Since the internet’s inception, followed by no immediate regulation, individuals have used it for dubious or potentially criminal means. Arguably, today the most dangerous threat is its use by terrorists.
With revelations concerning the extent of our own security service’s involvement in the American Prism programme recently coming to light authorities have inevitably defended such an approach by security services for preventing several terrorist attacks since 9/11. Inevitably this attracted strong criticism from human right and liberty groups as an attack on personal freedom and privacy.
In recent weeks however this same privacy that elements of web grants to individuals is, arguably, one factor which has led to cyber-abuse and bullying of Caroline Criado-Perez and now the tragic death of Hannah Smith, reportedly due to cyber-bullying. What this points to is an inherent tension between privacy, transparency and personal security within the context of what is a relatively young technology.
Though he was originally referring to beginnings of american democracy rather than the internet Alexis De Tocqueville remark that “Nothing is more wonderful than the art of being free, but nothing is harder to learn how to use than freedom.”, in this respect, seems perfectly relevant.
In many aspects the internet can be seen as a force for democratisation. As with democracy however certain restrictions are required to prevent a state of anarchy. Anarchy in any context can lead to tragic and dangerous consequences. Certainly the use of social media at the beginning of the Arab Spring indicates the potential of the internet. The domino effect as dictatorships fell after one another was partly because of the interconnectivity that the web brings to our contemporary world. Perversely this makes the internet one of the most powerful democratic forces, but due to ever faster technological advances the most difficult to police. Several factors work against those domestic authorities who try to police it. One of these is geographic location and its close relation to police jurisdiction. Since police forces have jurisdiction only over crimes that take place in the geographic location where they have authority and laws differ nation to nation those who commit cyber-crime can escape jurisdiction by simply residing in another country. They can potentially be extradited but this is a lengthy and difficult process even when treaties between certain countries allow it.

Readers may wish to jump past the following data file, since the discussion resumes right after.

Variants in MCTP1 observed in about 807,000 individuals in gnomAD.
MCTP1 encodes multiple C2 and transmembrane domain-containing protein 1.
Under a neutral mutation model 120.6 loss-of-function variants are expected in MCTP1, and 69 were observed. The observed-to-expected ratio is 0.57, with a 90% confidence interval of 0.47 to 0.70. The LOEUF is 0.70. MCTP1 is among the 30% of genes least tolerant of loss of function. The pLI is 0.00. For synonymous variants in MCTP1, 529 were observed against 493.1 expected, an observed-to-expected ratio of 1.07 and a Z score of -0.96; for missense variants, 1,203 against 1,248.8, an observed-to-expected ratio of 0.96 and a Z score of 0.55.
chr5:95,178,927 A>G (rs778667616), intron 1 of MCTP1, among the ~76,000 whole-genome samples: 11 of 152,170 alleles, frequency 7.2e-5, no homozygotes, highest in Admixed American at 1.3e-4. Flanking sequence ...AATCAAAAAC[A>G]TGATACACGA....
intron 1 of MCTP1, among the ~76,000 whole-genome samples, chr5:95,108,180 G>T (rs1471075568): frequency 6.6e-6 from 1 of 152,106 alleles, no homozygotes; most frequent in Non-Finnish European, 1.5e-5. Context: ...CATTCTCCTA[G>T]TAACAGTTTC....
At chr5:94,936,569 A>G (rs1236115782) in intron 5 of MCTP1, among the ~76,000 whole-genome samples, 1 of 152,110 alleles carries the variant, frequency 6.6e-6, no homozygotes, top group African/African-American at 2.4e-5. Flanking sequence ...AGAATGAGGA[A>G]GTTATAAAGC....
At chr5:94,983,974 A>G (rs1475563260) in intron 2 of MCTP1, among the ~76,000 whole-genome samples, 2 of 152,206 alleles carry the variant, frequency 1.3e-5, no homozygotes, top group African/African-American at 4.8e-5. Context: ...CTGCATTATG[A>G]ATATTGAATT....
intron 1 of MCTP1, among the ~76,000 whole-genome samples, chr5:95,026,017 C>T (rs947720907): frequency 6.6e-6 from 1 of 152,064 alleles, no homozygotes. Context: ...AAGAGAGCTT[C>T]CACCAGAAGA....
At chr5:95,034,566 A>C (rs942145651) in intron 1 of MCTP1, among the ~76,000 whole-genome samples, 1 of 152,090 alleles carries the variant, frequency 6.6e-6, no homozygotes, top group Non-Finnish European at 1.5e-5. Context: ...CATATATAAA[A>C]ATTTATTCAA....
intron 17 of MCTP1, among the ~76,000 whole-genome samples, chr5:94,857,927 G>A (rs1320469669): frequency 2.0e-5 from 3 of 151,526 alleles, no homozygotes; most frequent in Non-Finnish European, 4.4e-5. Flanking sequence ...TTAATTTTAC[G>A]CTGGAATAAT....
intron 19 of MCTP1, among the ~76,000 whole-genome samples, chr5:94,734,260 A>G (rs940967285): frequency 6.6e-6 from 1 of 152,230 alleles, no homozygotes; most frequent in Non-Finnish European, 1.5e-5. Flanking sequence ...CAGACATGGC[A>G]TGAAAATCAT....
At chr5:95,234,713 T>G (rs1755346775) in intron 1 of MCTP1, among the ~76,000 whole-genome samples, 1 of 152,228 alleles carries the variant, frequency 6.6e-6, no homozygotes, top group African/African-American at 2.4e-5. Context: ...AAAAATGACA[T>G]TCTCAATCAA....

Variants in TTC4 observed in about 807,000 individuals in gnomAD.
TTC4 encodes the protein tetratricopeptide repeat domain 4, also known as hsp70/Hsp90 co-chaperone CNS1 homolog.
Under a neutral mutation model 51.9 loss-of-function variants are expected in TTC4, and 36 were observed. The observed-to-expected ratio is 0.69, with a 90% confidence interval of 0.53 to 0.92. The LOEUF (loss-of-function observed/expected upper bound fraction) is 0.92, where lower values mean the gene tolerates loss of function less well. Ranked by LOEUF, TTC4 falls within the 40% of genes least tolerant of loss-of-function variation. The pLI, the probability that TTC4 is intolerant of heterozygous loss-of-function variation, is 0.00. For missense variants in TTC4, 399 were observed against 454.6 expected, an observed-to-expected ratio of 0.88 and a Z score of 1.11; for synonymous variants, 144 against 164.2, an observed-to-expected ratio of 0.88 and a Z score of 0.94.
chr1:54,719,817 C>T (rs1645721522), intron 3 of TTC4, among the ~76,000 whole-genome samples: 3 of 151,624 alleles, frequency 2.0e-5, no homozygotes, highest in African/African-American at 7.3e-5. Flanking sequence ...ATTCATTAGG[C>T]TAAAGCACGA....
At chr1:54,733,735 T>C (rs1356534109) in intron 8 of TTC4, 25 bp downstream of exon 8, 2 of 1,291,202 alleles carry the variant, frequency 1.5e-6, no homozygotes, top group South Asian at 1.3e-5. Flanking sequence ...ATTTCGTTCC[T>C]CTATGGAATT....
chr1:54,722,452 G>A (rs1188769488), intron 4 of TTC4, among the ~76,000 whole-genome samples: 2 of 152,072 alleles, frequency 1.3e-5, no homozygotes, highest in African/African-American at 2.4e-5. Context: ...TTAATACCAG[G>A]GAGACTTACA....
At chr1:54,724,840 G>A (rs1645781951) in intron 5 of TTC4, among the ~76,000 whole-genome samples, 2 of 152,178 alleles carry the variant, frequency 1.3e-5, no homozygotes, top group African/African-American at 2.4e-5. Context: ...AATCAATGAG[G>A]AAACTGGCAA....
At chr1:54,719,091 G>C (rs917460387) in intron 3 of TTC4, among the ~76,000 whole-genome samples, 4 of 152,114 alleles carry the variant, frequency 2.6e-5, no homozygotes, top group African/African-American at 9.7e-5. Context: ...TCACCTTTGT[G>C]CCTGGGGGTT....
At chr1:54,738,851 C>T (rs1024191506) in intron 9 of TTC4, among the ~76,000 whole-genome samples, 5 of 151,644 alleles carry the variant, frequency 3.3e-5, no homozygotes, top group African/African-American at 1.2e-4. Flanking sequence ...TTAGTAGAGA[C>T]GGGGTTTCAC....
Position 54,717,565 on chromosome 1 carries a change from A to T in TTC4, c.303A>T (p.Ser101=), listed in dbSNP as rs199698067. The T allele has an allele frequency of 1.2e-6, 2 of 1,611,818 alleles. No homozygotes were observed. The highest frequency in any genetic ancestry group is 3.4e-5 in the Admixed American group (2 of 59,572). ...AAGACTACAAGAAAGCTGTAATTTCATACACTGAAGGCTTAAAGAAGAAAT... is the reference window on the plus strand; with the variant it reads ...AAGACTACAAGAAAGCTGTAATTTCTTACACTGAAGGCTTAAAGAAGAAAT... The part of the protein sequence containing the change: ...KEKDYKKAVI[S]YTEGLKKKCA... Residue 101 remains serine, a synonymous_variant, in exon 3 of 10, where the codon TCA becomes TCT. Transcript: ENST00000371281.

Anonymity is also seen as a factor that emboldens users. Commentators and Caroline Criado-Perez herself have indicated how the screen psychologically distances perpetuators from their victim and the consequences of their actions.
Within this context it is interesting to note that on the same day that the BBC reported on death the United States criticised Vietnam for introducing new a decree restricting its citizens from discussing such basic issues as current affairs. Campaign group Reporters Without Borders responded by stating “If [the decree] takes effect, Vietnamese will be permanently deprived of the independent and outspoken information that normally circulates in blogs and forums”.
When Censorship is taken to levels such as in China and Vietnam which clearly limit freedom on a such a level this is clearly not conducive with basic democratic principles. In these countries the authorities justify such measures in an attempt to control those voices, such as bloggers, who are critical of the communist parties policies and protect national security and interests. Would such measures have prevented such a tragic death there. Maybe, maybe not. More importantly what it does highlight is the equal importance of a citizens safety and well being to national security and the balance necessary between personal freedom and security to achieve both.
In the era of 24hrs news channels and the internet a terrorist attack will inevitably attract more media attention and there may be cases where subsequent sedurity measures have prevented terrorist acts. Ultimately however, individuals, aswell as a countries national security deserve to be protected from online threats.